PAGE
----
One day even Peres will wake up to this reality and realize that as president he can no longer protect his baby in the face of Israeli voters.
Sir, – Perhaps after almost 30 years in Israel I don’t understand the twisted logic of a “peace process” conducted with men who use a nom de guerre. This does not give me any confidence in their sincerity to find a solution to the impasse.
Also, if memory serves, we had a settlement building freeze in the past, and what happened? Perhaps we should just send them the phone number of the Prime Minister’s Office with the admonition to call if they are serious about negotiations.
Extreme theology
Sir, – It’s always educational to read Uri Savir’s weekly attempts to fit harsh reality into his religious framework. I say “religious” because Savir’s appeals are not so much to political reason as they are to theology.
His left-wing faith is so extreme that no blows, no inconvenient facts, can alter his course. His faith can be summed up in Job 13:15: Though he slay me, yet will I hope in him.
In fact, we see in Savir’s most recent essay (“An officer and a man of peace” (Savir’s Corner, December 28) that his faith in Yasser Arafat and the Palestinians who elected him remains undeterred by the number of Israelis slain on Arafat’s order. With the historical hindsight of almost 20 years, it has been quite conclusively demonstrated that Arafat never negotiated in good faith.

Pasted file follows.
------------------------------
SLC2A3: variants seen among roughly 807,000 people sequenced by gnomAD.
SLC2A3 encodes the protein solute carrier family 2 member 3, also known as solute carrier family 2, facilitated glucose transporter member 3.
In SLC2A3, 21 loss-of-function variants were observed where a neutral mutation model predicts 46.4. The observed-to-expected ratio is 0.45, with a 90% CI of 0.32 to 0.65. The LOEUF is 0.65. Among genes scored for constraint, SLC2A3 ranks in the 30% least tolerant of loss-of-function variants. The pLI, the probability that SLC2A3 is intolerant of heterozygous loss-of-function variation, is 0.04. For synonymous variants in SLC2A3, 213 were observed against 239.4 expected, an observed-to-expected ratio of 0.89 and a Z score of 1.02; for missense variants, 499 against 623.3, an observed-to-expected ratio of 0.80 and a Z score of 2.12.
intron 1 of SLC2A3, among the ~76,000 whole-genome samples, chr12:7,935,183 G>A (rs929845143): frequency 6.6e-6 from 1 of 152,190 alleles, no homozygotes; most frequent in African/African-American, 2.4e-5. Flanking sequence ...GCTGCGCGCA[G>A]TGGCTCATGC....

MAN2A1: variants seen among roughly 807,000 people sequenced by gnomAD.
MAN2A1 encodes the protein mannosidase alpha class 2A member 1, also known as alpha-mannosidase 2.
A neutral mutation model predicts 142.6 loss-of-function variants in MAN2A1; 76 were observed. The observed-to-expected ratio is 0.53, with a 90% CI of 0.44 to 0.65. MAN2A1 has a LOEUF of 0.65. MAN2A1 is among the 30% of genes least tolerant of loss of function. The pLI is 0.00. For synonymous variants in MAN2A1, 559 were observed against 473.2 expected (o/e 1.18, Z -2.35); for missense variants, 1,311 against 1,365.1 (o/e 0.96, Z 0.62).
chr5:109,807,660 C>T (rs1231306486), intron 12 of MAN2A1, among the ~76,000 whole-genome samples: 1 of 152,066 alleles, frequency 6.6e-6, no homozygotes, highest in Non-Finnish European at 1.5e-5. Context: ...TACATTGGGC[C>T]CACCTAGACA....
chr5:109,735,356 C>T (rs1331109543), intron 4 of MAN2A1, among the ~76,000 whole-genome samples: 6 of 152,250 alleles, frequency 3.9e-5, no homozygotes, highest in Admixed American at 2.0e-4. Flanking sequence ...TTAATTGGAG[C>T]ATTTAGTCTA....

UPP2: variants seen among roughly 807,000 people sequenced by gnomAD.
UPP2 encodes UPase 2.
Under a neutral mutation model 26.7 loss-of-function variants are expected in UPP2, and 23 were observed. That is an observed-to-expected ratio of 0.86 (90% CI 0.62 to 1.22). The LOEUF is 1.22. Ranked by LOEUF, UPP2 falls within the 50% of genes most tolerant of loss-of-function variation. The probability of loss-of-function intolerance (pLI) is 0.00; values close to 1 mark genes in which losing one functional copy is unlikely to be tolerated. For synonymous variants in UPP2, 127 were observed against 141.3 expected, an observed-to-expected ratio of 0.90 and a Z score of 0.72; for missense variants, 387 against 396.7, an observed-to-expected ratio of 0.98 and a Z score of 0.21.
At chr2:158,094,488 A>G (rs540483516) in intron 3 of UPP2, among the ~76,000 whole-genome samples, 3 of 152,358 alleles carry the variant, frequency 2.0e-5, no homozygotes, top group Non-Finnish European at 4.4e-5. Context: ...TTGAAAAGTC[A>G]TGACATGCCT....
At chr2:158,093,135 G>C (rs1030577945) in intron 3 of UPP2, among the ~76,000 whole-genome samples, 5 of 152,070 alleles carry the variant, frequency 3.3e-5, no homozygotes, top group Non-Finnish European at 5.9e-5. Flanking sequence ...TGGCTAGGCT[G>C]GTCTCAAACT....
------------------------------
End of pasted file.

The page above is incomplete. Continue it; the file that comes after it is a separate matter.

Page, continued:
Rather, he used the lure of a “peace process” to gain time for building up his forces before unleashing a war of terror in 1994 that lasted through the second intifada.
In that decade, over 1,300 Israelis were slain in terror attacks, and about 8,500 wounded. The purpose was to terrorize Israel into withdrawing from Judea and Samaria without the Palestinians having to agree to anything in return, including an end-of-conflict declaration.
Savir spends an inordinate amount of verbiage telling how he and the late Amnon Lipkin- Shahak finally convinced Arafat to continue negotiations after Arabs were killed in Hebron by Baruch Goldstein.
“Aborting the talks,” Savir writes, “could mean the end of the peace process and the renewal of terrorism for years to come.”
Savir would be displaying simple humility and honesty if he would admit that even with the talks, Arafat never was serious about peace. Savir would do well to seek a new religion.
Meandering on death